Mason County News
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Sheriff's Office Looks At Charging for Repeated Loose Livestock
Wednesday, May 13, 2009 • Posted May 13, 2009

During Monday's regularly scheduled meeting of the Mason County Commissioner's Court, Sheriff Buster Nixon discussed the ongoing problem of having to handle loose livestock around the county. A look at the Sheriff's 911 call report on page 5 of this issue reveals that the Sheriff's department spends an inordinate amount of time putting up livestock that have gotten through fences and on to public roadways.

Sheriff Nixon explained that, in many instances, it is the same livestock or same group of livestock that are having to be put up, sometimes several times in one day. His deputies respond to the calls and take care of the matter; but, it pulls them away from other duties and does not allow them to maintain the level of preparedness he would prefer.

He informed the Court that laws, and fines, are already on the books that would allow him to fine the owners for allowing their livestock to roam. He and Justice of the Peace Tammie Bowman talked about the amount of the fine for such infractions, and he told the Court that he wanted to begin by issuing warning citations for a period, followed by actual ticketing of offenders.

In other action, Commissioner Eldon Kothmann reported that he had received constituent complaints about County road crew workers not actually working their full shifts. Mr. Kothmann told the court that he had monitored the employees for a few days and also had seen evidence of employees leaving before their 3:30 p.m. clock-out time.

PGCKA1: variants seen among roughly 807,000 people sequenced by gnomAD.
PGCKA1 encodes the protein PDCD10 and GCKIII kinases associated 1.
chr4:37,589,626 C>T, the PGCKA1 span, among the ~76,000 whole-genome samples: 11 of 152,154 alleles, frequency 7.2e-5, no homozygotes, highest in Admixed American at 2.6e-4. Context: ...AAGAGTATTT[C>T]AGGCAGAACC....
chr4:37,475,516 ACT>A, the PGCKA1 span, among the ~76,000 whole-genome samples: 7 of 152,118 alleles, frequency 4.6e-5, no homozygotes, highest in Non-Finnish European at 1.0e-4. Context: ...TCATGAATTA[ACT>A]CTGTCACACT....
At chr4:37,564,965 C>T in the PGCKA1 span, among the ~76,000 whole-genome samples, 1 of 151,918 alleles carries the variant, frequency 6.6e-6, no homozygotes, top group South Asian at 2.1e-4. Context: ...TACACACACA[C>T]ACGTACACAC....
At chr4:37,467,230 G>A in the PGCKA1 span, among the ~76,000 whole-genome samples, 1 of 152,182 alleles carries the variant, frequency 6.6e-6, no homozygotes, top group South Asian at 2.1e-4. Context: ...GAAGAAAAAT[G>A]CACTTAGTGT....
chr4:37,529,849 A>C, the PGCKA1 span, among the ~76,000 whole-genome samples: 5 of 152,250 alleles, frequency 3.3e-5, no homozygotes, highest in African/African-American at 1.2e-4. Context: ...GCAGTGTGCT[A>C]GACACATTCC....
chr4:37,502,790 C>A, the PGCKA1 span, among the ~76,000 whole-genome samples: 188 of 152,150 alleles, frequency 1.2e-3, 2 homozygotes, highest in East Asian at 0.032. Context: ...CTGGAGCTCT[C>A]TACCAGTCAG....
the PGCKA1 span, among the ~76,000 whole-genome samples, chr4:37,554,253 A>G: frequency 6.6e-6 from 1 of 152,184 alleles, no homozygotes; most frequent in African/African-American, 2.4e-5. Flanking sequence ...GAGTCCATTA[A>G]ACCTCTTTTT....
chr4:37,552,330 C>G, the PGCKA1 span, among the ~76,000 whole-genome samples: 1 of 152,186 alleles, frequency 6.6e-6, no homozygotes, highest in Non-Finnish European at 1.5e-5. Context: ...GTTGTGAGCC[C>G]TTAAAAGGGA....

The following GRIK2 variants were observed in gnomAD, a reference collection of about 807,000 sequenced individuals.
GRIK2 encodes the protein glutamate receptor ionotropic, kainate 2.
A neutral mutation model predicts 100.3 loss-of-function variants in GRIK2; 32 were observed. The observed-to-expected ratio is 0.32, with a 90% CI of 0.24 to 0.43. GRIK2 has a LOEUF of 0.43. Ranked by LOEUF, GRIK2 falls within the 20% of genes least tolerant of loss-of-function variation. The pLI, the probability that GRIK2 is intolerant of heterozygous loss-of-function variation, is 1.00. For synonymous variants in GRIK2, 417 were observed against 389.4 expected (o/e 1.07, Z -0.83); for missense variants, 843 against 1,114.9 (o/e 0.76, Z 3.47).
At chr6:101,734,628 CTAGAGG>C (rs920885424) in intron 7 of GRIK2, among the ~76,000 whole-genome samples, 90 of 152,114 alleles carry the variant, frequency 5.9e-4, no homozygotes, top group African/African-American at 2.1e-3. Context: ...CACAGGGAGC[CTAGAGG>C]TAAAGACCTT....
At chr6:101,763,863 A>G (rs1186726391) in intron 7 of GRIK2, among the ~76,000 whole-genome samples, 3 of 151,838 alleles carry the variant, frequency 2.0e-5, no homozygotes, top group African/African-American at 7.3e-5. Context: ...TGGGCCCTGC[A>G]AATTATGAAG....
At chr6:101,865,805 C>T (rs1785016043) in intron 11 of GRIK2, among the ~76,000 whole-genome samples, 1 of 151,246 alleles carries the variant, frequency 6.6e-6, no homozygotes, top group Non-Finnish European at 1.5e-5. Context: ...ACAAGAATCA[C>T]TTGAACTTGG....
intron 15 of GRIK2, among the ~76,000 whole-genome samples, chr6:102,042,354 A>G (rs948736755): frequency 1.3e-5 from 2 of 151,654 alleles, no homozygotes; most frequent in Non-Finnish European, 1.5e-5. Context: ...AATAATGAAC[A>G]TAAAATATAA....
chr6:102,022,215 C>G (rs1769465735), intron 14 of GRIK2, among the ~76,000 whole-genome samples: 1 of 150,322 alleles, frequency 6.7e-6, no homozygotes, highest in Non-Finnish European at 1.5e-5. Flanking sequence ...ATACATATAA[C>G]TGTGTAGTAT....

Squeaky Farmer, Road Department Supervisor, told the Court that he would discuss schedules and work times with the employees and clarify that the work times are 7:00 a.m. to 3:30 p.m. with a half hour lunch. He also told the Court that the road crew tries to coordinate locations and schedules so as to make most efficient use of equipment, material and transportation.

The Court opened bids for a water line project, in conjunction with the City of Mason. City Engineer Jim Blackwell opened the bids for the Court and reported each bid proposal. He asked the Court to allow him some time to examine each of the proposals and to report back to them at a later meeting with recommendations.

The Court also opened bids for County depository. Currently, the County uses Mason National Bank as their depository. Bids were received from Mason National, The Commercial Bank and First State Bank Central Texas.

Commissioner Wayne Hofmann suggested that the county go with the bid of The Commercial Bank, based upon their higher rates for long term certificates of deposit. Treasurer Polly McMillan reminded the Court that the County investment policy does not allow them to invest in anything longer than a 12-month CD, so those rates would not actually matter. The Court noted that, on all other rates, Mason National and The Commercial Bank were almost identical.

Commissioner Hofmann moved to accept The Commercial Bank's bid and the motion was seconded by Commissioner Stanley Toeppich and the motion passed unanimously. Commissioner Hofmann asked that the investment policy be put on a future agenda so that the Court could consider longer term investments.

The Court voted to allow Hill Country Telephone Cooperative to bury fiber optic cable along multiple roadways in the western portion of Mason County.

The meeting adjourned at 11:52 a.m.

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